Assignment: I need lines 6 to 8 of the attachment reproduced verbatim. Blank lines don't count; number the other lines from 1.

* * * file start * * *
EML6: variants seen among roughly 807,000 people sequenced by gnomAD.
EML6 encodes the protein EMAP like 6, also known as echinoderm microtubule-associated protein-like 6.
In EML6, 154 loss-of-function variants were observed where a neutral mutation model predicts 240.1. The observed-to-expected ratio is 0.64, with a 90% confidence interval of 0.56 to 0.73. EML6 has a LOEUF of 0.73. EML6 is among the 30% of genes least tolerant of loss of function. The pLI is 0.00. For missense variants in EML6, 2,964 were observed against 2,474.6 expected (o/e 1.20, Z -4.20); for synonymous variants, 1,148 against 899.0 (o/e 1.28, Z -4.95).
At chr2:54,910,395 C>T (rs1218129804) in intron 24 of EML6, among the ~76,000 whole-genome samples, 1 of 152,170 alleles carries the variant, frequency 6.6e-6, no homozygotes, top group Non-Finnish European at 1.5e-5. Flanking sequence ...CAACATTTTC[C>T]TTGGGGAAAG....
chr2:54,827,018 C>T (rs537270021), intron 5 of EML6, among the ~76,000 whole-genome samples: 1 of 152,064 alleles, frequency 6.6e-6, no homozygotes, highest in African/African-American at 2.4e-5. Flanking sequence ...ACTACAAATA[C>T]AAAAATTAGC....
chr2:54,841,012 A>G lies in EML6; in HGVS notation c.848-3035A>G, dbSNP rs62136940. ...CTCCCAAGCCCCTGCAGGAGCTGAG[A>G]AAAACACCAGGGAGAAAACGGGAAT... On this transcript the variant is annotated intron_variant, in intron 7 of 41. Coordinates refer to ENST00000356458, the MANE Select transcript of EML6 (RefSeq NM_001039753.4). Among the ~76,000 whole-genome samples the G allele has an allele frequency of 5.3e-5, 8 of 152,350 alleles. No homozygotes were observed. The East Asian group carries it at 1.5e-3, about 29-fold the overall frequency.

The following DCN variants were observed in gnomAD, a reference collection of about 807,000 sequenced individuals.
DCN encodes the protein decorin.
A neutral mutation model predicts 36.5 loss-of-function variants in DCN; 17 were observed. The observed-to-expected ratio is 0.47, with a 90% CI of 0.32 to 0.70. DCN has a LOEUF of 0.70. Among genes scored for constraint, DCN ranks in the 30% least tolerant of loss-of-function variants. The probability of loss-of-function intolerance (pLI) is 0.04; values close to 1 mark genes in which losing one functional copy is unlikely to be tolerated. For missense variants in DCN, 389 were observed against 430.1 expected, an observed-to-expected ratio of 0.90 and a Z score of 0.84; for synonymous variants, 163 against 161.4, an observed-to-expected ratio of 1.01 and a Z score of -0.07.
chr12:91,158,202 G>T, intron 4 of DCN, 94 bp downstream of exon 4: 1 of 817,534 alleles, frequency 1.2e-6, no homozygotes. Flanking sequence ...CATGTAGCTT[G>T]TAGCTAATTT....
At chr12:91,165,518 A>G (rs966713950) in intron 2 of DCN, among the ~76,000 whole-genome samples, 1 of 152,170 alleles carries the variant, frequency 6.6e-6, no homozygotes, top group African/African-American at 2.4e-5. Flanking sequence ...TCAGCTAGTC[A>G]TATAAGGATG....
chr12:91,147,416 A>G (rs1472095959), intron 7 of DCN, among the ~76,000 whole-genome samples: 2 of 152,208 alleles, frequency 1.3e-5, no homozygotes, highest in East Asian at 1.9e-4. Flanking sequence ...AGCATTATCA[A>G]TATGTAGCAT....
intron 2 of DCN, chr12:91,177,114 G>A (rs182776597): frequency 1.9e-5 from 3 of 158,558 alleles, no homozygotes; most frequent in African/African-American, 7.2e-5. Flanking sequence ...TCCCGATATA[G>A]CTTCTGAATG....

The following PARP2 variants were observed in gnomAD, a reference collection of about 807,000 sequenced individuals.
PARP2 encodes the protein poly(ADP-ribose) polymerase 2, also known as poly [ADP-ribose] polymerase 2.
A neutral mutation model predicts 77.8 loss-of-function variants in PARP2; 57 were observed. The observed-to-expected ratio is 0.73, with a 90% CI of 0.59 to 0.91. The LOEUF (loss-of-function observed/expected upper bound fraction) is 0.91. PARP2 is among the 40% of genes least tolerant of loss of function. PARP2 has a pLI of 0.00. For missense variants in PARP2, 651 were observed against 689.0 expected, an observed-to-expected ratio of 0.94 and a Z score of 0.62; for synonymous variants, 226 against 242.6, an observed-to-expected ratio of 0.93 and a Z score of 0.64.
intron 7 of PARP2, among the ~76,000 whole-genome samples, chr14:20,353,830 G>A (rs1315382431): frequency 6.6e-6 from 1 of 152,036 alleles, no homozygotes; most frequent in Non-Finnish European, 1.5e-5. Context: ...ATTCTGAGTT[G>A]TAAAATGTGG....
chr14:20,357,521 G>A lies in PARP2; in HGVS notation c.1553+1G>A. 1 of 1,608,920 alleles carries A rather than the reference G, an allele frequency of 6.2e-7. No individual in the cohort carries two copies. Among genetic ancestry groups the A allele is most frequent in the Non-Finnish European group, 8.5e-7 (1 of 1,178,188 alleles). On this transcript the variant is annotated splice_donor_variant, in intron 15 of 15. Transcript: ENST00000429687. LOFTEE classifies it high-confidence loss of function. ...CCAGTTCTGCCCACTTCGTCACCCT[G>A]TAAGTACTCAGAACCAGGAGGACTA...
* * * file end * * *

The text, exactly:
chr2:54,841,012 A>G lies in EML6; in HGVS notation c.848-3035A>G, dbSNP rs62136940. ...CTCCCAAGCCCCTGCAGGAGCTGAG[A>G]AAAACACCAGGGAGAAAACGGGAAT... On this transcript the variant is annotated intron_variant, in intron 7 of 41. Coordinates refer to ENST00000356458, the MANE Select transcript of EML6 (RefSeq NM_001039753.4). Among the ~76,000 whole-genome samples the G allele has an allele frequency of 5.3e-5, 8 of 152,350 alleles. No homozygotes were observed. The East Asian group carries it at 1.5e-3, about 29-fold the overall frequency.

The following DCN variants were observed in gnomAD, a reference collection of about 807,000 sequenced individuals.
DCN encodes the protein decorin.